SJ Magazine organized a panel on women's empowerment without including women but has since canceled the event due to the negative public backlash.
Ironically enough, SJ Magazine is owned by women, but their intentions behind booking an all-male panel for their event were not well-received.
“As a women-owned business, women’s empowerment has always been part of our mission statement,” the magazine said in canceling the event. “We believe it is helpful when everyone is part of the conversation on women’s empowerment and feminism.”
The panel was titled, “Women in Business: A Man’s Point of View,” and was scheduled for Nov. 6 featuring ESPN’s Sal Paolantonio, Rowan University President Dr. Ali Houshmand, Virtua President and CEO Richard Miller and N.J. State Assembly Majority Leader Lou Greenwald (D-Camden/Burlington), according to The Philadelphia Inquirer.
Prior to canceling the event, SJ Magazine addressed concerns on Twitter, noting that this was just one of four planned panels and the others were made up of all women.
This is one of 4 panels (the others are all women). Men have a responsibility to step up & support women & we want to start the discussion.— SJ Magazine (@Justsaysj) October 23, 2017
However, even Greenwald — one of the panelists — pulled out of the event upon realizing how off-putting it was.
“I was asked to participate on a panel for an issue I care deeply about. As a son watching my mother break the glass ceiling in politics and as a father of 2 daughters, I have a passion for the pursuit of equality,” Greenwald tweeted Monday night. “In light of a full understanding of the composition of this panel, I will be withdrawing from participating and offering my seat instead to someone who can bring a more diverse and inclusive point of view to this critical issue.”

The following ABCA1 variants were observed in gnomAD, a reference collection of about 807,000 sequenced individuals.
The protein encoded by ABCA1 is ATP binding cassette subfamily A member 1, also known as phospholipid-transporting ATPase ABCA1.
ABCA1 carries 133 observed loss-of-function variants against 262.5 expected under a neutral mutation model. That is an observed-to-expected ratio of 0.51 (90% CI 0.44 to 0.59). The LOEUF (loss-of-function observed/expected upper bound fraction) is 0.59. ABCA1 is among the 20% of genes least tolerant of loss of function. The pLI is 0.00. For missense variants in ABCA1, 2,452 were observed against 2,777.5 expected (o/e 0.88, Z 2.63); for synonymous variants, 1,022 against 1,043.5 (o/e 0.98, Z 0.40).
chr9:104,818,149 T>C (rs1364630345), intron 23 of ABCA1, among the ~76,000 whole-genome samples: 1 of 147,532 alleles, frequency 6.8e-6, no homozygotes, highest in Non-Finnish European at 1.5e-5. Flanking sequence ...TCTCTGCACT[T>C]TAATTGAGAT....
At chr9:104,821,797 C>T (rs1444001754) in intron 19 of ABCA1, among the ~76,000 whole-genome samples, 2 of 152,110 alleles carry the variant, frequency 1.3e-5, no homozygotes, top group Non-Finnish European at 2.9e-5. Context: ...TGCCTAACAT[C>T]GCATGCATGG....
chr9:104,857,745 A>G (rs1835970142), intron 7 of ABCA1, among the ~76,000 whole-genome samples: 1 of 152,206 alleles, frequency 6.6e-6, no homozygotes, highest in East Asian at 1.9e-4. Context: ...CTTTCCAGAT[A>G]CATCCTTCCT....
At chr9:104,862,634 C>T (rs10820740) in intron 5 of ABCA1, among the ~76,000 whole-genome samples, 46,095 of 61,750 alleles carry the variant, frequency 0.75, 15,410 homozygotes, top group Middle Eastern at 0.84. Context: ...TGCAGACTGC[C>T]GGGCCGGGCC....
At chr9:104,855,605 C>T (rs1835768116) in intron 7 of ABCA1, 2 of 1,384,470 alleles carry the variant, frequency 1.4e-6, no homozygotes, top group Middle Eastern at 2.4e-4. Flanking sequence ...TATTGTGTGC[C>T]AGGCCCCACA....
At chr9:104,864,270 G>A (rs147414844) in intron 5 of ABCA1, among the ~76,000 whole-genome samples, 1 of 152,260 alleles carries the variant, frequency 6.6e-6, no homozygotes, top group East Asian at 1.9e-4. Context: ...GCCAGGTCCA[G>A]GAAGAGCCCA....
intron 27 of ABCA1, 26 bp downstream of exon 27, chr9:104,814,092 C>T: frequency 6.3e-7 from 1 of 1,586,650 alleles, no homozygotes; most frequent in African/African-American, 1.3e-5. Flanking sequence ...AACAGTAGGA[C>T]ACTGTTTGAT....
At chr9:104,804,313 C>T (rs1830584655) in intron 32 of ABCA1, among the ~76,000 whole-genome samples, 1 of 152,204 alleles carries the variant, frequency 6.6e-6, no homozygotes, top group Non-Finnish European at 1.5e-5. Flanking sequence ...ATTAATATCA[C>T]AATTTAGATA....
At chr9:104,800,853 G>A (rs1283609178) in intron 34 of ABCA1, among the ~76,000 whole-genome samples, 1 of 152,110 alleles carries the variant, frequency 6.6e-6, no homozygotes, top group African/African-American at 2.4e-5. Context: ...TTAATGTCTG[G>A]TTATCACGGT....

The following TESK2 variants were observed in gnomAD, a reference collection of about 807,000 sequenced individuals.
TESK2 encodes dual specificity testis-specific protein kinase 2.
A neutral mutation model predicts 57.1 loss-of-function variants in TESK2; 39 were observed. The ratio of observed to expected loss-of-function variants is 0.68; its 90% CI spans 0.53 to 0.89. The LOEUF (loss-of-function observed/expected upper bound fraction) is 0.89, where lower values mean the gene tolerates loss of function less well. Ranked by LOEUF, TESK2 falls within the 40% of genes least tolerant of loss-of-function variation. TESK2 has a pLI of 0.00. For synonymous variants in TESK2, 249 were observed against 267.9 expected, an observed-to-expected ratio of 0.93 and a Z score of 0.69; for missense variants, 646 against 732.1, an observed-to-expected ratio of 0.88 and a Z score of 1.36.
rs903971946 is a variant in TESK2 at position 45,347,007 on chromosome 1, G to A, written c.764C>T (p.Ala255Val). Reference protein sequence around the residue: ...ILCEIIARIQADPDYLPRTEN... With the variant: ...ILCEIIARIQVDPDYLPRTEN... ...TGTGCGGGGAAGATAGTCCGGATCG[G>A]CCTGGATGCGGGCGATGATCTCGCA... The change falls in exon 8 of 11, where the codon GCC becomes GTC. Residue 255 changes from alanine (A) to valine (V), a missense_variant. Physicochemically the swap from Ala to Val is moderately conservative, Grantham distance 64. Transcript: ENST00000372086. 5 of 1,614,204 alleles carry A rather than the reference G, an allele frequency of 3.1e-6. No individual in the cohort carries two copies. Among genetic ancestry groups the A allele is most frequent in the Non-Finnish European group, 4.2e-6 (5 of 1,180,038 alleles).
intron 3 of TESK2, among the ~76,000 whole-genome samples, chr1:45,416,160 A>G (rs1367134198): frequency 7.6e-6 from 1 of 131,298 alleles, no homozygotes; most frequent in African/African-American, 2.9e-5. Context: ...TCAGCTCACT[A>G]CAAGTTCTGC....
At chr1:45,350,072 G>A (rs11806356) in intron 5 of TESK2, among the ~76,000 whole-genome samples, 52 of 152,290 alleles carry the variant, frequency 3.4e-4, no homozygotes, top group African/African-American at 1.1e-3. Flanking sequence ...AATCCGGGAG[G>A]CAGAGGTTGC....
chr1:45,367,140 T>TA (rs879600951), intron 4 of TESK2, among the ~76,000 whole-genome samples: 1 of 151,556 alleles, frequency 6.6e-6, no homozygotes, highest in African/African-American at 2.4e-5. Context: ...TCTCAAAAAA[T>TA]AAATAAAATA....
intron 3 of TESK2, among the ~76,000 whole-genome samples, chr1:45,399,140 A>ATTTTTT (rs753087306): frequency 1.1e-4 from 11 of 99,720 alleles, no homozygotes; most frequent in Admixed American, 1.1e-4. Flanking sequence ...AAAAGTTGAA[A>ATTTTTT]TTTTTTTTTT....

While SJ Magazine is correct in its assertion that men “have a responsibility to step up & support women,” the publication missed the mark with its decision to exclude women, entirely, from the conversation in this particular panel.
FIRST QUESTION: has anyone ever actually seen one of these mythical women business creatures pic.twitter.com/pNXAAF4Py5— Aparna Nancherla (@aparnapkin) October 24, 2017
This is real..... pic.twitter.com/HVYH3FDyxd— Yashar Ali 🐘 (@yashar) October 23, 2017
Women make 75 cents on the dollar so I guess getting 75% of the panels about women's empowerment & hearing from men about WOMEN'S experience in business is par for the course.— Holli (@sheppers68) October 23, 2017
Men have a responsibility to step back and listen to the experiences of their women colleagues. Their "perspective" on us isn't needed.— Catherine McParland (@Cat_McParland) October 23, 2017
Do you understand that a group of men talking about women as if their opinion isn't relevant is WHY THIS PROBLEM EXISTS in the first place?— I Just Can't (@heroesweseek) October 23, 2017
Women should never be taken out of the equation, but rather be asked to come together with men to dissect these complex and sensitive matters because no one can speak to the experience of being a woman better than women themselves.
Furthermore, the older, white male perspective dominates just about every subject, so there’s really no need to dedicate an entire platform to highlight that voice.
It should be noted that SJ Magazine has held an all-male panel in the past, which would explain why they didn’t think twice about doing it again. Last November, the magazine reportedly invited four men to discuss sexism, promoting equality at workplaces, and what happens when women cry at work.
While the male point of view may be valuable and necessary along the pursuit of gender equality, excluding women or any marginalized group from a conversation that directly impacts them is downright insulting and tone-deaf.
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